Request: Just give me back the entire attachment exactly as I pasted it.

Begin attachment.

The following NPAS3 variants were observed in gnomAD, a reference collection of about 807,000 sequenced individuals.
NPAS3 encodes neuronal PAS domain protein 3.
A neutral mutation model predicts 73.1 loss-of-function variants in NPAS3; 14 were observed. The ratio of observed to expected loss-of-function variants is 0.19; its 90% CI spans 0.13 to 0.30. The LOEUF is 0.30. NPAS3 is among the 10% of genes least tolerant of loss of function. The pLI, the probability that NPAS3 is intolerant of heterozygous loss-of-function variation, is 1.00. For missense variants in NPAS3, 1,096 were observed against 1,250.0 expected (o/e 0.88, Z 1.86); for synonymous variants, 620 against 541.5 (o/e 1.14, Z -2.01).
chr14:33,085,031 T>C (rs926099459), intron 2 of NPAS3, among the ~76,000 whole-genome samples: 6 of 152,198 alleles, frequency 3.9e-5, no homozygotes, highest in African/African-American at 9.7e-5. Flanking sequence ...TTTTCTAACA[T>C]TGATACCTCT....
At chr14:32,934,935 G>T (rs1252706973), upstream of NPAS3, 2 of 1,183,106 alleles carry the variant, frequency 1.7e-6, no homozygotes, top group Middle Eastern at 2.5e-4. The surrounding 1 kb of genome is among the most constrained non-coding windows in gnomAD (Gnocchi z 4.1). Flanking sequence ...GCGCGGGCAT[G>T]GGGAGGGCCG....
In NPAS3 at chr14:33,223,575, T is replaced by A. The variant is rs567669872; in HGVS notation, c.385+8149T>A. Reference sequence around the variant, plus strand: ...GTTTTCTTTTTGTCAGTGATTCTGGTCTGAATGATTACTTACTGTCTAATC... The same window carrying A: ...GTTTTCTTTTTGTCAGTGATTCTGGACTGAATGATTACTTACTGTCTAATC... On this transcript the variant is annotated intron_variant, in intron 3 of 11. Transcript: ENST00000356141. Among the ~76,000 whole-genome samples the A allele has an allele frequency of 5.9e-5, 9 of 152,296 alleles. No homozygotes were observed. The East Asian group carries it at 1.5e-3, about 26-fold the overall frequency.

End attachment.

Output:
The following NPAS3 variants were observed in gnomAD, a reference collection of about 807,000 sequenced individuals.
NPAS3 encodes neuronal PAS domain protein 3.
A neutral mutation model predicts 73.1 loss-of-function variants in NPAS3; 14 were observed. The ratio of observed to expected loss-of-function variants is 0.19; its 90% CI spans 0.13 to 0.30. The LOEUF is 0.30. NPAS3 is among the 10% of genes least tolerant of loss of function. The pLI, the probability that NPAS3 is intolerant of heterozygous loss-of-function variation, is 1.00. For missense variants in NPAS3, 1,096 were observed against 1,250.0 expected (o/e 0.88, Z 1.86); for synonymous variants, 620 against 541.5 (o/e 1.14, Z -2.01).
chr14:33,085,031 T>C (rs926099459), intron 2 of NPAS3, among the ~76,000 whole-genome samples: 6 of 152,198 alleles, frequency 3.9e-5, no homozygotes, highest in African/African-American at 9.7e-5. Flanking sequence ...TTTTCTAACA[T>C]TGATACCTCT....
At chr14:32,934,935 G>T (rs1252706973), upstream of NPAS3, 2 of 1,183,106 alleles carry the variant, frequency 1.7e-6, no homozygotes, top group Middle Eastern at 2.5e-4. The surrounding 1 kb of genome is among the most constrained non-coding windows in gnomAD (Gnocchi z 4.1). Flanking sequence ...GCGCGGGCAT[G>T]GGGAGGGCCG....
In NPAS3 at chr14:33,223,575, T is replaced by A. The variant is rs567669872; in HGVS notation, c.385+8149T>A. Reference sequence around the variant, plus strand: ...GTTTTCTTTTTGTCAGTGATTCTGGTCTGAATGATTACTTACTGTCTAATC... The same window carrying A: ...GTTTTCTTTTTGTCAGTGATTCTGGACTGAATGATTACTTACTGTCTAATC... On this transcript the variant is annotated intron_variant, in intron 3 of 11. Transcript: ENST00000356141. Among the ~76,000 whole-genome samples the A allele has an allele frequency of 5.9e-5, 9 of 152,296 alleles. No homozygotes were observed. The East Asian group carries it at 1.5e-3, about 26-fold the overall frequency.